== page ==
[ Directed by ]
[ Produced by ]
• WATANABE Hirobumi
• WATANABE Yuji
[ Cast ]
• SHIBUKAWA Kiyohiko HIRAYAMA Takashi
• TAKAHASHI Saaya SAEKI Yuka
• IIDA Kaoru TAKITA Shohei
• HIRAYAMA Misao Grandmother
[ Staff ]
• Screenplay: WATANABE Hirobumi
• Music Director: WATANABE Yuji
• Cinematography: Woohyun Bang
• Editor: NAGATOMO Teruhaya
• Sound Recording: NAGATOMO Teruhaya
Release Date: December 13, 2014
Running Time: 88 min
Genre: Comedy, Drama, Science Fiction/Fantasy, Children/Family, Feature
Screening Format: DCP,Blu-ray,DVD
Screening Format with Subtitles
[ Story ]
Debut project from Foolish Piggies Films, the Tochigi Prefecture-based filmmaking collective formed primarily by director/scriptwriter Watanabe Hirobumi and his brother Watanabe Yuji, who handles production. Humorously depicts the encounter between a mysterious girl and a self-centered thirtysomething slacker.
Hirayama Takashi (Shibukawa Kiyohiko) lives with his grandmother (Hirayama Misao) in Otawara City, Tochigi Prefecture. An unemployed slacker with zero interest in changing his dissipated and lazy lifestyle, Takashi spends his days doing next to nothing. One day, a girl shows up who claims to be the daughter of his deceased father.
[ Official Site ]
[ Film Festivals, Awards ]
• 2013 Tokyo International Film Festival, Japanese Cinema splash
• 2014 Raindance Film Festival
• 2014 Helsinki Cine Aasia
• 2014 Nippon Connection Film Festival
• 2014 CAMERA JAPAN
• 2014 Aberdeen Film Festival
Independent production in bianconero and fixed sequence plans (more for budget reasons than for aesthetic will), Soshite dorobune wa yuku is directed by the young Watanabe Hirobumi, born in Tochigi prefecture, the same in which the film was shot and set, and pupil of Tengan Daisuke, son of Imamura Shōhei.
Made with a few friends and the help of some family members, including, as the actress, the director’s ninety year old grandmother. The film features Takashi, a young and idle almost forty-year-old who with a certain and insistent insistence remember, who lives along with his grandmother, unemployment benefits, without caring at all to look for a job. Separated from his wife, who prevents him from seeing his son and to whom he has to pay for food, Takashi spends his days sleeping, playing pachinko or bored with his friend Shōhei, who nevertheless found a job, even if it is shovel shit in a barn, as Takashi himself does with insolence to notice.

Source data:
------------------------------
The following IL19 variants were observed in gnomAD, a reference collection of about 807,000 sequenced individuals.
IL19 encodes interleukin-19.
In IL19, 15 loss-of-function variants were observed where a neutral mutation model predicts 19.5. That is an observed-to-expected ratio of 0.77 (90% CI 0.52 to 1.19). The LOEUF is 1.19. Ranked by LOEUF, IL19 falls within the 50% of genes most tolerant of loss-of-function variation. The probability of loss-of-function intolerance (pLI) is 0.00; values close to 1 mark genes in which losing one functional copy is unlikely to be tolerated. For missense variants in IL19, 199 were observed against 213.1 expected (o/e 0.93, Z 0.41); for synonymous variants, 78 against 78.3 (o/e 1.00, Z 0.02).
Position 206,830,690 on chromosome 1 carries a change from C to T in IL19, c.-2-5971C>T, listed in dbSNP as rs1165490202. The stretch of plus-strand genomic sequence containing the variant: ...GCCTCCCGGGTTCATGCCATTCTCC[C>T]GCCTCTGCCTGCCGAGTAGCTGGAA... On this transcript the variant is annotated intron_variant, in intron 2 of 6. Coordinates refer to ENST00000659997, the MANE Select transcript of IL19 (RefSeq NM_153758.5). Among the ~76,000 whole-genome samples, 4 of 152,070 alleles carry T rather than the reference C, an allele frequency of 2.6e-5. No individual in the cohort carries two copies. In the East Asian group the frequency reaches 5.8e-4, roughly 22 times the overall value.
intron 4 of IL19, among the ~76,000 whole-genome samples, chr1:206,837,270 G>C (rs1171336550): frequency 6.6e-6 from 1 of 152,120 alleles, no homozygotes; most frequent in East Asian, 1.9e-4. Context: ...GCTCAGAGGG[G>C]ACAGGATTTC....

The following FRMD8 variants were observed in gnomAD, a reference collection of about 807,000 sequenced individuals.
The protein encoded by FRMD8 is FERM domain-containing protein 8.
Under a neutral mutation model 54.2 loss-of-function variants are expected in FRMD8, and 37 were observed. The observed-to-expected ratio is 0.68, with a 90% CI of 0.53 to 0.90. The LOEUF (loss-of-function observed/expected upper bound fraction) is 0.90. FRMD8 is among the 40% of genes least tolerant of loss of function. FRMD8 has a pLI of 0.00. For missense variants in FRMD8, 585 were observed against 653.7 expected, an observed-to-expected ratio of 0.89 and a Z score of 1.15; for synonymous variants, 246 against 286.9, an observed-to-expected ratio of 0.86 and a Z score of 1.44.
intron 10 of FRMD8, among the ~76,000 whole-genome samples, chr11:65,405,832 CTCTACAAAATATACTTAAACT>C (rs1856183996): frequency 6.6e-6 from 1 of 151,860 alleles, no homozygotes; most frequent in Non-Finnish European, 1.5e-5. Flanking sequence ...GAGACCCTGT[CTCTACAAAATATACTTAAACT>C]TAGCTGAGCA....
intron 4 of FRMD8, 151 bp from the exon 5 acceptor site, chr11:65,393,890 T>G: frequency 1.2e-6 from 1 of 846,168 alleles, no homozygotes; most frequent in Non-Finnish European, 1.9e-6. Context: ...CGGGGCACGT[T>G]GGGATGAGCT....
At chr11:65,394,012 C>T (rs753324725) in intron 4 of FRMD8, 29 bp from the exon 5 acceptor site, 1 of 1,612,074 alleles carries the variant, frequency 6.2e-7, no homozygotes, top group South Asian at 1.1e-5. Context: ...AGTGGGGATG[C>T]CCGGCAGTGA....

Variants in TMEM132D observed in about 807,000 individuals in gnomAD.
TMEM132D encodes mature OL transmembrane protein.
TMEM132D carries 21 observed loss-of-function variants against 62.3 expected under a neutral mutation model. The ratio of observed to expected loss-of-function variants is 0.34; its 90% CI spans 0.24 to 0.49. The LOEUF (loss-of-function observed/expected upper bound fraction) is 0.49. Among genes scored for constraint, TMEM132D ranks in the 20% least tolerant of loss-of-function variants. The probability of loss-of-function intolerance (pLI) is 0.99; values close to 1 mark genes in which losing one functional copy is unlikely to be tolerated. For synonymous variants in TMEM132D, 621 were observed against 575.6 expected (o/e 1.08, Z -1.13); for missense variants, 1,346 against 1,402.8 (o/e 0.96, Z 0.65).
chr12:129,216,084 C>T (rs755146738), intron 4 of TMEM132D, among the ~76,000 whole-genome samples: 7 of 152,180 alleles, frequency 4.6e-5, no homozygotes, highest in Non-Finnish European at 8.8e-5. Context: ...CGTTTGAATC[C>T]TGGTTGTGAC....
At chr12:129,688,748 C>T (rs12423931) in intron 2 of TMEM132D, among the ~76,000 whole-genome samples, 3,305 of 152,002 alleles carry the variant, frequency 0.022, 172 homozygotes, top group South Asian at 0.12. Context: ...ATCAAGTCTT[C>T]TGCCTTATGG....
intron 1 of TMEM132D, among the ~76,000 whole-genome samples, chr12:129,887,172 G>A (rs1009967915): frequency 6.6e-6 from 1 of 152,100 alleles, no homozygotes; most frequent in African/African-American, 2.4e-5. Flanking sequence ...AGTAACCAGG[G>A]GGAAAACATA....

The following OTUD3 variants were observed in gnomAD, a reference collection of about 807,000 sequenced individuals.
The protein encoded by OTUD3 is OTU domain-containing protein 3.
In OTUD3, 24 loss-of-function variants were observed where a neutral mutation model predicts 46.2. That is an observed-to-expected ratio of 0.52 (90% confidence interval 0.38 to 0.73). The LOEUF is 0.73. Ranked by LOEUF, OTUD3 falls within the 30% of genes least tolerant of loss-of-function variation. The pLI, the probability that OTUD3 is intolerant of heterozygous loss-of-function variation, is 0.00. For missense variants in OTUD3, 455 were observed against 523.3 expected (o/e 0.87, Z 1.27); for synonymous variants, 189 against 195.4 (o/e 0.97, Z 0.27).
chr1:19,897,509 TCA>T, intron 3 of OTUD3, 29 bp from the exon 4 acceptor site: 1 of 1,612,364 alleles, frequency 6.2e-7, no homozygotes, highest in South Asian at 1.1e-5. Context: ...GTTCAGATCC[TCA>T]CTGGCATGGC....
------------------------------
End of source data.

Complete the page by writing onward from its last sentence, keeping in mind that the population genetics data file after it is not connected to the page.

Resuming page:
The daily routine of the protagonist is not even moved by the arrival of Yuka, a young girl from Tokyo who introduces him and his grandmother claiming to be the daughter of Takashi’s father, who died two years ago. Yuka also does not miss the opportunity to reproach her half-brother for his starvation, repeatedly giving him the “fossil”.
If the style of the film recalls as Watanabe himself admits that of the first Jarmusch, the protagonist physicist apart appears as a reincarnation of the Coen brothers’ Jeffrey Lebowski, as they seem to confirm the frequent bowling scenes. Although the subject of the film also has more than one dramatic element, the tone is that of an acrid comedy entrusted to pungent dialogues and without discounts.
Effective then the running gags to character so to speak social like those built around the young volunteer who shows up in the house of the protagonist vainly trying to sell him the tissues to support the victims of radiation from Fukushima, or those related to the neighbor candidate for elections and desperately seeking votes. Both will end up being beaten by Takashi himself who sees in the two, and in their relationship with society, something absolutely irreconcilable to his philosophy of life.
The last part of the film, which proceeds by autonomous and ellipsis narrative blocks, turns towards the surreal and is constructed by a series of hallucinations of the extended Takashi imaginable, remember the dream of Il grande Lebowski? Even more persecuted by those around him than it already is in reality. Although the ending seems less convincing than the two previous parts entitled “Inertia” and “Fossils”, Soshite dorobune wa yuku seems to be one of the most successful indie films of Japanese cinema in recent years, with more than one element in common with the beginnings of Yamashita Nobuhiro.